News International And The Police

There is a very revealing article in the Independent concerning Rupert Murdoch and News International.

It seems that, for once, the Police will investigate them with some vigour and potentially prosecute them as a corporation. This very notion has sent shivers down News International spines and they have reduced co-operation with the police accordingly.

But do read the article in full, as there is a lot more to this:

RUp2

“Lawyers for the media behemoth have pleaded with the Met and the Crown Prosecution Service not to prosecute the company as it would not be in the “public interest” to put thousands of jobs at risk. Gerson Zweifach, the group general counsel of News Corp, flew in to London for emergency talks with the Met last year. According to Scotland Yard, he told police: “Crappy governance is not a crime. The downstream effects of a prosecution would be apocalyptic. The US authorities’ reaction would put the whole business at risk, as licences would be at risk.”

The Independent can reveal that Scotland Yard warned News Corp that its UK subsidiary, which publishes The Sun and used to publish the now-defunct News of the World, was under formal investigation on 18 May last year.

A month later, Rupert Murdoch announced he was splitting the global empire he spent six decades building up into one of the most powerful companies in the world. The 82-year-old hived off the highly profitable television and film assets, including 21st Century Fox and Fox News, into a separate entity from the troubled newspaper group in what was widely perceived as an attempt to isolate any contagion from the phone-hacking scandal.” [My emphasis]

Rounding Up Romney, Sesame Street And The World

The US Presidential election is almost over, in a day or two voting will be completed and the counting starts.

Mitt Romney, the Republican candidate, has received a more than fair hearing by the world’s media, but as far I can see they have avoided talking about his weirder views and what might happen under a Romney Presidency.

Mitt and Big Bird

Some have strong opinions about Romney’s proposed cuts to PBS:

“Organizers of the Million Puppet March on Capitol Hill in support of Public Broadcasting Service (PBS) television and National Public Radio (NPR) put the turnout at around 1,000 people, three days before the US presidential vote.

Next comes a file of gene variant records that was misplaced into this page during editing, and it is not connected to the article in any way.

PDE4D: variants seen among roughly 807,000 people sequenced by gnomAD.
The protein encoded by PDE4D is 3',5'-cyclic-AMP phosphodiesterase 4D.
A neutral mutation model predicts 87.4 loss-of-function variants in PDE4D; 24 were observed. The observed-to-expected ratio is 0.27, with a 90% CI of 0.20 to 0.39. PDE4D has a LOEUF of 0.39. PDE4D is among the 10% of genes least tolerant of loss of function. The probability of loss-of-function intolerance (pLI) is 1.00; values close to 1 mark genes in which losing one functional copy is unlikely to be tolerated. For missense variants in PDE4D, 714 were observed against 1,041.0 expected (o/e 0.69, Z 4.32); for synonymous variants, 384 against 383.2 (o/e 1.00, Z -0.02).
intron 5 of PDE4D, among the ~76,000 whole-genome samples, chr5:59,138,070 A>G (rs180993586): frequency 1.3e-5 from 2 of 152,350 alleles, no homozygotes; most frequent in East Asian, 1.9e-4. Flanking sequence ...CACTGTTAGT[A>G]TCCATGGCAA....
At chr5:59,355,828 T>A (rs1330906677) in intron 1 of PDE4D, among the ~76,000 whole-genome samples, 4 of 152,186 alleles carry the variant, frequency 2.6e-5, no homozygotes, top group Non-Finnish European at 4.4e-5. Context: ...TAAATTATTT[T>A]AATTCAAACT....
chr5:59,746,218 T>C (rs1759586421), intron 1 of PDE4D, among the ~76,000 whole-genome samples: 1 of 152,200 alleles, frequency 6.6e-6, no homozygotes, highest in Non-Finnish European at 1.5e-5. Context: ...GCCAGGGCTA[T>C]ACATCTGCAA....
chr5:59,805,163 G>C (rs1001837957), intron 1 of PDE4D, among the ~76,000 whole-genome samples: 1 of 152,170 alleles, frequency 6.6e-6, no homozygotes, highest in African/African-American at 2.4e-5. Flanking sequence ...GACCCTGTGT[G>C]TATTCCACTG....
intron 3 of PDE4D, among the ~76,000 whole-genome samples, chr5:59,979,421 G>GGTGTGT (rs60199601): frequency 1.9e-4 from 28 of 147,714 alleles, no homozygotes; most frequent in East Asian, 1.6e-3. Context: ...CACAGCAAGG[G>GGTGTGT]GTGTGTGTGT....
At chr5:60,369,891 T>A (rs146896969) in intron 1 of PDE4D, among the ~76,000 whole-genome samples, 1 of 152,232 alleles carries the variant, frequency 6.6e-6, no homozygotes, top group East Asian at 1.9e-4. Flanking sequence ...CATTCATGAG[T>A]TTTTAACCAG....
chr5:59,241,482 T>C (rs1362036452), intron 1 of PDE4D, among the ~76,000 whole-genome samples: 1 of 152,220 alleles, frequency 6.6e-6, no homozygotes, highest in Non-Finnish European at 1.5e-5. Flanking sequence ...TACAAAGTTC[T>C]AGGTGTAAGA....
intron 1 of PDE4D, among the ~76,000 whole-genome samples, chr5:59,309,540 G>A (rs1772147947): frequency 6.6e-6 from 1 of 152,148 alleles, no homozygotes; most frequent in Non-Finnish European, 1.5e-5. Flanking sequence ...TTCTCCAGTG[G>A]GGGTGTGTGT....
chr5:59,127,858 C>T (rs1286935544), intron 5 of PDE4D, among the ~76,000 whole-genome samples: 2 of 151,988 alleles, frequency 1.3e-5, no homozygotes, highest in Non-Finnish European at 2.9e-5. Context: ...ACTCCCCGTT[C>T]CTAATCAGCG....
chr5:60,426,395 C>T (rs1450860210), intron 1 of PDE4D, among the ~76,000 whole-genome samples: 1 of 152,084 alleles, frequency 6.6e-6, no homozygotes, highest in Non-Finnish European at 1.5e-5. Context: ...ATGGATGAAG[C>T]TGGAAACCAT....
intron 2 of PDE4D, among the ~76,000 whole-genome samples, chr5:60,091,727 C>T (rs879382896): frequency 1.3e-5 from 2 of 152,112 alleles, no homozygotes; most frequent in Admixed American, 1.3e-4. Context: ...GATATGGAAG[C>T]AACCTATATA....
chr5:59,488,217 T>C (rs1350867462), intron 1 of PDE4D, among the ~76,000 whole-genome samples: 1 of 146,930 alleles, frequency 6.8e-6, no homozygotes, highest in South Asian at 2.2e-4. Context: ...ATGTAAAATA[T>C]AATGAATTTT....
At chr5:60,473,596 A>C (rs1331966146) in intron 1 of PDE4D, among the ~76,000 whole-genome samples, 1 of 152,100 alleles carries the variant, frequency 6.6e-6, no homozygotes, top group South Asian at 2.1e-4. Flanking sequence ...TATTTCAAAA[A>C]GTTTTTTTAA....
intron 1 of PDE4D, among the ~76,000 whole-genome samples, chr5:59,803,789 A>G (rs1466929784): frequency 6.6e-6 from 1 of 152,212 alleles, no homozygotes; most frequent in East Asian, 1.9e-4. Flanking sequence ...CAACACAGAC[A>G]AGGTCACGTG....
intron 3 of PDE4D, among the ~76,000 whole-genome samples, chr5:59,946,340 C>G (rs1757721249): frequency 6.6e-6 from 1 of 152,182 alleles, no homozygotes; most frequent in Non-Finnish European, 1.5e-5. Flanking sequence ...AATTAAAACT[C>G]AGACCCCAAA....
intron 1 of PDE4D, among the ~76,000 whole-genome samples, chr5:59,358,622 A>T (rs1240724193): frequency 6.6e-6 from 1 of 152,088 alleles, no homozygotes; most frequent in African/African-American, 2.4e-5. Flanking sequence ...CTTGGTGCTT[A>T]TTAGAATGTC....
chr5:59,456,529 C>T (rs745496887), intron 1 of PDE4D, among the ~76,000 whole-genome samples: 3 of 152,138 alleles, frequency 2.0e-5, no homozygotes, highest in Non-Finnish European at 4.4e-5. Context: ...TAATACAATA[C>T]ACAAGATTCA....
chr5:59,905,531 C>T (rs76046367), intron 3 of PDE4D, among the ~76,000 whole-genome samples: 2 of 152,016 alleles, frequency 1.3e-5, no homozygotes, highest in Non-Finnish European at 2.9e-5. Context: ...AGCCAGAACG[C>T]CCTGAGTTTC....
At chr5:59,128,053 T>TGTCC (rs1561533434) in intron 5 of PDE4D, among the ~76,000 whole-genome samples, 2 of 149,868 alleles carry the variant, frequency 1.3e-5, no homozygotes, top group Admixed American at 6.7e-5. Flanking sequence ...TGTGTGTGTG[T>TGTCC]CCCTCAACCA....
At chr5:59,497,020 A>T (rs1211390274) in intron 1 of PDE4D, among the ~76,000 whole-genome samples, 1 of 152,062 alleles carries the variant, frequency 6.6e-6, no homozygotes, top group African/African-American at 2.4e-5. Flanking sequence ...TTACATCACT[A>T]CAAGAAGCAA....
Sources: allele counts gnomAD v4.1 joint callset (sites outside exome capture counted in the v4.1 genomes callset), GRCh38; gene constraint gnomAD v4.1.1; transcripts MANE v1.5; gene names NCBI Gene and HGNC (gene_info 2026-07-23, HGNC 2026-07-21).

Characters from the children’s show “Sesame Street” — a PBS staple since the network’s founding in 1970 — figured prominently, including two Big Birds, many Kermits and Elmos, and a Miss Piggy grooving to “Dancing in the Streets.”

But the family-friendly rally on a chilly and cloudy day also attracted a frisky marionette of President Barack Obama and a blue-suited protester in a Mitt Romney mask jammed into a trash can with Big Bird on his back.

There was no shortage of sometimes witty placards, like “Keep your Mitts off Big Bird,” “puppets for peace” and, on the arm of a middle-aged gentleman with a skunk puppet, “Romney smells funny.”

The New Yorker looks at Mormonism, private equity, and the making of a candidate:

“Just about the only thing in life that Mitt Romney is obviously not very good at is the public aspect of running for office. During his four campaigns for office—U.S. senator, in 1994; governor, in 2002; President, in 2008 and 2012—he must have undergone endless hours of training and practice, but the magic just isn’t there. In June, I spent a few days on the campaign trail with him, in Wisconsin and Iowa. Romney’s trip had several purposes. A film crew was gathering footage for campaign commercials to run in the fall; Romney stopped in Janesville, Wisconsin, talking privately and doing an event with Paul Ryan, soon to be his running mate; and it was another attempt, apparently fruitless, on the part of the campaign to demonstrate the candidate’s concern with ordinary people. This segment was officially called the “Every Town Counts” tour. Romney rode around in a sleek bus painted with all-American scenes of mountains, church steeples, and ships in harbors. “

Joan Smith looks at a similar issue, men with power and keeping it to themselves:

“Now he’s been criticised by the first female head of the Home Office, the kind of person who very rarely speaks out, for excluding women from top government posts. Dame Helen Ghosh, who left her job as permanent secretary last month to run the National Trust, told students at a Cambridge college that Westminster is run by powerful networks of men which are hard for women to break into. She pointed out that there was a “magical moment” six years ago when half the heads of government departments were women, but now there are only three female permanent secretaries. “

The West-friendly Bahrain regime is locking up people, again:

“MANAMA, Bahrain (AP) — A defense lawyer in Bahrain says a prominent human rights activist is in custody after defying an official ban on protest gatherings in the Gulf kingdom.

The detention of Yousef al-Muhafedha could further embolden Shiite-led demonstrators seeking a greater political voice in the Sunni-ruled nation, which is home to the U.S. Navy’s 5th Fleet.”

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